1.  The airaft was purchased in Florida;

2.  The aircraft was delivered to a Florida location; or

3.  The aircraft enters Florida for use or storage.

The tax returns and tax payments are late if coming after the 20th in the month they are due. Late returns and payments are penalized a minimum of $50 or 10% of the amount due, whichever is less. Interest is dues on late payments as well.

Exceptions to Sales and Use Tax.

Exceptions to Florida’s sales and use tax on aircraft continue to apply, including:

1.  The value of an aircraft, boat, mobile home, or motor vehicle an individual trades in reduces the taxable purchase amount. The person accepting the trade in and selling the aircraft must be the same.

2.  An individual removes an aircraft purchased in Florida from the state within 10 days after the date of purchase, or 20 days after completion of repairs or alterations.

3.  A credit for taxes pad in another state, territory of the U.S., or Washington D.C. No credit is available for taxes paid in another country.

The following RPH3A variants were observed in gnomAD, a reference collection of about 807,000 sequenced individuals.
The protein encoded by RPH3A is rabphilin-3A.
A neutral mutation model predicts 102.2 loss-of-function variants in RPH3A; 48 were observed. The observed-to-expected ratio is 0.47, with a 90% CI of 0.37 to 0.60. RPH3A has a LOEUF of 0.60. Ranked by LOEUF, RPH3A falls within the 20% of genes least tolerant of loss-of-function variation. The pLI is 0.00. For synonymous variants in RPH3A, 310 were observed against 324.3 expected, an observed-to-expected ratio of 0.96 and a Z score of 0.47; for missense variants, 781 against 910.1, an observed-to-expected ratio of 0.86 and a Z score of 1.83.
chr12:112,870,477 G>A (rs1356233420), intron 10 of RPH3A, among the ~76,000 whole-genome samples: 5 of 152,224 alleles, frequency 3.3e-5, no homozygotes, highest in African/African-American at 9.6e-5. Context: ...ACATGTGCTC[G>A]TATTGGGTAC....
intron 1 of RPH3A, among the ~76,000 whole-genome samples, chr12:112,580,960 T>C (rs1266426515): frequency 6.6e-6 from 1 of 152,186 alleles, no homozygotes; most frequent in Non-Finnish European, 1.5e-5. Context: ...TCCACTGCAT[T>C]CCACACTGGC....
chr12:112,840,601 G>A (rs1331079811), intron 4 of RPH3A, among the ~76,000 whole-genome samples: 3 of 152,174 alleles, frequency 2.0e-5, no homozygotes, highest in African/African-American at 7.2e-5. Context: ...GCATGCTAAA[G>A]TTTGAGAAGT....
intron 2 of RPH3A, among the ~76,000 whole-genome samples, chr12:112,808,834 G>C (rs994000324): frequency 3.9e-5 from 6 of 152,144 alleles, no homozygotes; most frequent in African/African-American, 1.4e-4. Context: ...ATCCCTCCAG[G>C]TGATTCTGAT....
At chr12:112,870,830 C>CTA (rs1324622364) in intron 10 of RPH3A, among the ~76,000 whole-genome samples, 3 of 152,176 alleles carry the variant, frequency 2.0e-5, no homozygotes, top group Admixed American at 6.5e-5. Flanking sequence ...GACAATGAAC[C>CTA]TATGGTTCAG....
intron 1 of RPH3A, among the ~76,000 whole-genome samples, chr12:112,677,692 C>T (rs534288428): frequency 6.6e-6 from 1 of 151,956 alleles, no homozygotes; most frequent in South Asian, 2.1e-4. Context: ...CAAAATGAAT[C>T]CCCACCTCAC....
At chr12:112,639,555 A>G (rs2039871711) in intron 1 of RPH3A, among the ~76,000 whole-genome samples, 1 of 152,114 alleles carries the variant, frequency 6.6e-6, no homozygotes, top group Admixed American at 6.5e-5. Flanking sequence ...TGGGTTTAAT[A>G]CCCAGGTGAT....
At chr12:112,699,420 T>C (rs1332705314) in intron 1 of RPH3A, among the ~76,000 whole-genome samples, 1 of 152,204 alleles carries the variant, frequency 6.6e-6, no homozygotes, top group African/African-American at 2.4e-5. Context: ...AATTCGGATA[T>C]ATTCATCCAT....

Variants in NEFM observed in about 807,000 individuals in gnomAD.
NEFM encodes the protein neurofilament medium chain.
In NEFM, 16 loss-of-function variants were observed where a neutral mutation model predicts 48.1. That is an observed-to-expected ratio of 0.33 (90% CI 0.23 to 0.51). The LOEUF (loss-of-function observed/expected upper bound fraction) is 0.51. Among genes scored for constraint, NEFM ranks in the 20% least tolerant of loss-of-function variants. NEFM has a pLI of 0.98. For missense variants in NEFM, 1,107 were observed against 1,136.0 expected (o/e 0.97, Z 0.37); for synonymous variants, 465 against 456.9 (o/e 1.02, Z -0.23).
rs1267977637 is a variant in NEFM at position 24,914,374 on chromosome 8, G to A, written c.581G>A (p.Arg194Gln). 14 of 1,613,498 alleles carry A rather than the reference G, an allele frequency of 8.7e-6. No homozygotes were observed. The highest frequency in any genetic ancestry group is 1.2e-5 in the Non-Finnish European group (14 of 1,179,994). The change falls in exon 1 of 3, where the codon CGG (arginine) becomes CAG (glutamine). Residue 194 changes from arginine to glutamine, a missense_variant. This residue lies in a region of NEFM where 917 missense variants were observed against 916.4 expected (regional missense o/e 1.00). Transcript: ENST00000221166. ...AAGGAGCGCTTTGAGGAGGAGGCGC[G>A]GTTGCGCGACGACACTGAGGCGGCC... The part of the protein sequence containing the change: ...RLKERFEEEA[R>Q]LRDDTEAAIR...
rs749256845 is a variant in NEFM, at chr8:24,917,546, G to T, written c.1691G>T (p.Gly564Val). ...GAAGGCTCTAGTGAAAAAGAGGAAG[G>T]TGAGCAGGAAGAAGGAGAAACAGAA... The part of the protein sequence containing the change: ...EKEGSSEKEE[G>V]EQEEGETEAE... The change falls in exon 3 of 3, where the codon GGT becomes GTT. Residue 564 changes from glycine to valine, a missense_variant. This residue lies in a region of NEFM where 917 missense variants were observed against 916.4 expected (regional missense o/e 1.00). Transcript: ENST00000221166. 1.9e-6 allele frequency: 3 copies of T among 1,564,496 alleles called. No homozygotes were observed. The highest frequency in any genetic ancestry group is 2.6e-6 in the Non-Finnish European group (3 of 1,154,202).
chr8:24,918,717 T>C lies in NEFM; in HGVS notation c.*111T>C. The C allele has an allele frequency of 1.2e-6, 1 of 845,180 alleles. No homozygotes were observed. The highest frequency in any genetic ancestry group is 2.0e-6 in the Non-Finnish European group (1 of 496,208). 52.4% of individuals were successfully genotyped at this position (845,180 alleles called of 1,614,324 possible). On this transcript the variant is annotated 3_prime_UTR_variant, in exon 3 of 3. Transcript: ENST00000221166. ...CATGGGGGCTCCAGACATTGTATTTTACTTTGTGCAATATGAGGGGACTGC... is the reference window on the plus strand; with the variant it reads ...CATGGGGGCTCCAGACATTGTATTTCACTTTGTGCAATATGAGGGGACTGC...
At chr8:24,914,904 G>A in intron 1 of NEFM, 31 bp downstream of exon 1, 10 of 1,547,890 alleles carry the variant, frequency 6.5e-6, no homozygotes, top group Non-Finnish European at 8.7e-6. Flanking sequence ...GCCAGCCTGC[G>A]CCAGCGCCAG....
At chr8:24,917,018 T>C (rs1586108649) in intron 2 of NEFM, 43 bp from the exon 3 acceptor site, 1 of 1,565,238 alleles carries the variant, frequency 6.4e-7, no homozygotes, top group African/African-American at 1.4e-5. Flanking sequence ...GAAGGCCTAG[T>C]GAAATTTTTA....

4.  An exemption from the tax for non-residents of Florida when their aircraft enter and remain in Florida for 20 days or less during the six-month period after aircraft purchase. This exemption also applies to non-resident owned aircraft that enter Florida for the purposes of flight training, repairs, alterations, refitting, or modification.

Ari Good, JD LLM, a tax, aviation and entertainment lawyer, is the Shareholder of Good Attorneys At Law, P.A. He graduated from the DePaul University College of Law in 1997 and received his LL.M. in Taxation from the University of Florida.

Contact us toll free at (877) 771-1131 or by email to info@goodattorneysatlaw.com.

Tax Implications of SCOTUS’ DOMA Decision

Tax Implications of U.S. Supreme Court’s Decision on Same Sex Marriage (DOMA)

Surviving Spouse of Same-Sex Marriage Sues U.S. Government over Taxes